Disinfectants may lose potency on standing and addition of organic matter, so that their efficacy must be tested.
Disinfectants must be tested periodically to ascertain their potency and efficacy. Evaluation is not for concentration, But it is for the activity/efficacy of the agent under certain conditions like the presence of organic matters and uses.
The standard tests to check disinfection efficiency include
- Suspension tests (Rideal-Walker phenol coefficient (R.W.C) test )
- Chick-Martin and Garrod’s test (This test also determines the phenol coefficient of the test disinfectant. Unlike in the Rideal Walker method where the test is carried out in the water, the disinfectants are made to act in the presence of yeast suspension (or 3% dried human feces) to simulate the presence or organic matter.
- Kesley and Maurer’s in-use tests,
- Capacity Use Dilution test (carrier-based test)by Kelsey and Sykes/Capacity test of Kelsey-Sykes -triple challenge test and
- Other microbial time-kill assays (Disinfectant kill time test)
Evaluation methods of Disinfectants
Factors affecting the disinfection process:
- Effect of temperature:
- Bacteriologist Koch had noted that anthrax spore were more readily killed by the same concentrations of phenol if the temperature was elevated.
- Effect of pH: Any change in PH will affect:
- Rate of growth of bacteria >> growth is optimal at pH (6-8).
- Potency of antimicrobial agent >> due to ionization at pH.
- Ability of drugs to combine with cell surface sites of bacteria.
- Effect of surface activity:
- The addition of low concentrations of surface-active compounds may potentiate the biological effect of an antibacterial agent.
- Presence of interfering substances;
- The presence of other material may reduce the effect of such an agent by adsorbing or inactivating it and thus reducing the amount available for combining with the cells it is desired to kill.
1. Carrier test
• A carrier such as a silk or catgut thread is contaminated by submersion in a liquid culture of the test organism.
• The carrier is then dried and brought in contact with the disinfectant for a given exposure time.
• cultured in a nutrient broth;
• No growth indicates the activity of the disinfectant tested whereas growth indicates a failing.
• By multiplying the test concentrations of the disinfectant and the contact times, a potentially active concentration-time relationship of the disinfectant is obtained.
a) The number of bacteria dried on a carrier is hard to standardize
b) The survival of the bacteria on the carrier during drying is not constant.
The AOAC Use-dilution test
• AOAC (American Association of Official Analytical Chemists)
• A carrier-based test.
• Organisms: Salmonella cholerasuis, S. aureus and P. aeruginosa.
• Carriers (stainless steel cylinders) are meticulously cleaned, sterilized, cooled and inoculated with a test organism by immersing in one of the culture suspensions.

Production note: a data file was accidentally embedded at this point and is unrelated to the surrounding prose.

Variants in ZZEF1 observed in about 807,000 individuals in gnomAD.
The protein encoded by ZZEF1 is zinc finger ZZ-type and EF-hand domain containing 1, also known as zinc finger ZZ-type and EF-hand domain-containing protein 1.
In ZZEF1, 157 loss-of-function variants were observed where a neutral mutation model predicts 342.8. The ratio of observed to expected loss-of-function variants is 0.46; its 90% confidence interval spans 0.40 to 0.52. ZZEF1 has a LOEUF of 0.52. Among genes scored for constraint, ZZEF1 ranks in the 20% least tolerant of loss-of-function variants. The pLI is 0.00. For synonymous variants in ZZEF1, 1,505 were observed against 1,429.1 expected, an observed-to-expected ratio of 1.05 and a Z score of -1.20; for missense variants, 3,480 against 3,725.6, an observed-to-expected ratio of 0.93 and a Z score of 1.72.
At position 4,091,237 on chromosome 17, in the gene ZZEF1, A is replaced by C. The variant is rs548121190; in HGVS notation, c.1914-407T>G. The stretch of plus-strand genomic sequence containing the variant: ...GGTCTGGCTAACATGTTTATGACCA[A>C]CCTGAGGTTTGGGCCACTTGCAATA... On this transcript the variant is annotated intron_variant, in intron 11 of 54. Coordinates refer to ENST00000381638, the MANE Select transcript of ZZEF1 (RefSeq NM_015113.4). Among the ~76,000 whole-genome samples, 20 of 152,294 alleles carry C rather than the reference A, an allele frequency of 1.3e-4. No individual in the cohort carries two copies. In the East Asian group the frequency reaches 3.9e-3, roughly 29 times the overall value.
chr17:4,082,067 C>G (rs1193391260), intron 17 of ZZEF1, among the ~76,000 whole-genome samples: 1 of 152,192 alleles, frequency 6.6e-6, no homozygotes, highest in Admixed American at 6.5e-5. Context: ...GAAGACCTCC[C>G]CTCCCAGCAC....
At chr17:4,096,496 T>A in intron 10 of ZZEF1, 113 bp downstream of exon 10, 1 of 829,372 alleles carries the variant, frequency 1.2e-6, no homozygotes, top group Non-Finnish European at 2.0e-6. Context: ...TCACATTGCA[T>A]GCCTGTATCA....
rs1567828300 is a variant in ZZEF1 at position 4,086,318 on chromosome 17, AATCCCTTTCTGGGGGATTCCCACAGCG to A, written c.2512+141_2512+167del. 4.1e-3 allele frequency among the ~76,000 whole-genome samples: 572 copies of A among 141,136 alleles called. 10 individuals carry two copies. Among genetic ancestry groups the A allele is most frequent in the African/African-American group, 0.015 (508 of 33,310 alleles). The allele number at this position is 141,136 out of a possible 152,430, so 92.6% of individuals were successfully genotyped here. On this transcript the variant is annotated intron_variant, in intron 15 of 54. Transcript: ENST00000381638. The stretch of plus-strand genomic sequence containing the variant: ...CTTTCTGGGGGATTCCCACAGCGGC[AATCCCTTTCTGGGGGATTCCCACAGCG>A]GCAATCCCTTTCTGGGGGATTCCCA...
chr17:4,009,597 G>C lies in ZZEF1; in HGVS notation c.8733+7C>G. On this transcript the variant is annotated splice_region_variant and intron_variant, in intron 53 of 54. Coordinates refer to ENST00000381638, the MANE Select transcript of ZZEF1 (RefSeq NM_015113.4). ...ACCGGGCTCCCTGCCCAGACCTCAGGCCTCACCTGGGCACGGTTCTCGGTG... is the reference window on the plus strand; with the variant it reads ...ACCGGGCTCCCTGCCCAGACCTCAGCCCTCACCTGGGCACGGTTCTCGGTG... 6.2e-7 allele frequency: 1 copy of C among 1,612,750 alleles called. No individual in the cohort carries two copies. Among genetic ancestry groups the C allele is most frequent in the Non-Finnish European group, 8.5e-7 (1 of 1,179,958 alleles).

• The cylinders are drained on filter paper, dried at 37°C for 40 minutes, exposed to the use-dilution of the disinfectant for 10 minutes.
• After transfer from the disinfectant, the treated test surfaces are incubated in the neutralizing growth medium for 48 hours.
• The number of tubes showing growth of the target microorganism is recorded.
• To “pass” a 60 carrier test, at least 59 of the 60 surfaces tested must demonstrate complete disinfection (no detectable growth of the target microorganism in the test tubes containing neutralizing growth medium).
• To “pass” a 10 carrier test, complete disinfection must take place on all test surfaces.
2. Suspension tests
• A sample of the bacterial culture is suspended into the disinfectant solution
• After exposure it is verified by subculture whether this inoculum is killed or not.
• Suspension tests are preferred to carrier tests as the bacteria are uniformly exposed to the disinfectant.
Types of Suspension Test:
a) Phenol Coefficient Test (Determined by two methods-Rideal Walker/R.W. method & Chick Martin test)
b) Qualitative test
c) Quantitative test
The phenol coefficient of a disinfectant is calculated by dividing the dilution of the test disinfectant by the dilution of phenol that disinfects under predetermined conditions.
Phenol Coefficient is determined by two methods:
b) Qualitative test
• A loopful of bacterial suspension brought into contact with the disinfectant
• A loopful of this mixture cultured for surviving organisms.
• Results expressed as ‘growth’ or ‘no growth’.
c) Quantitative test
• The number of surviving organisms (B) is counted and compared to the original inoculum size (A).
Microbicidal effect (ME) = Log (A) – Log (B)
ME = 1 → killing of 90% of the initial number
ME = 2 → 99% killed.
• A generally accepted requirement is ME ≥ 5 →99.999% of the germs are killed.
3. Capacity tests/Kelsey-Sykes test
• The ability to retain activity in the presence of an increasing load is the capacity of the disinfectant.
• In a capacity test, the disinfectant is challenged repeatedly by successive additions of bacterial suspension until its capacity to kill has been exhausted.
• Capacity tests simulate the practical situations of housekeeping and instrument disinfection.
• Best known capacity test is the Kelsey-Sykes test
• A triple challenge test, designed to determine concentrations of disinfectant that will be effective in clean and dirty conditions.
• Organisms: 4 organisms (S. aureus, E.coli, P. aeruginosa and Proteus vulgaris)
• Three successive loads of bacteria (additions) (0, 10, and 20 min)
• Temp: 20oC
4. Practical tests
• The practical tests under real-life conditions are performed after measuring the time concentration relationship of the disinfectant in a quantitative suspension test.
• The objective is to verify whether the proposed use dilution is still adequate in the conditions under which it would be used.
• The best-known practical tests are the surface disinfection tests.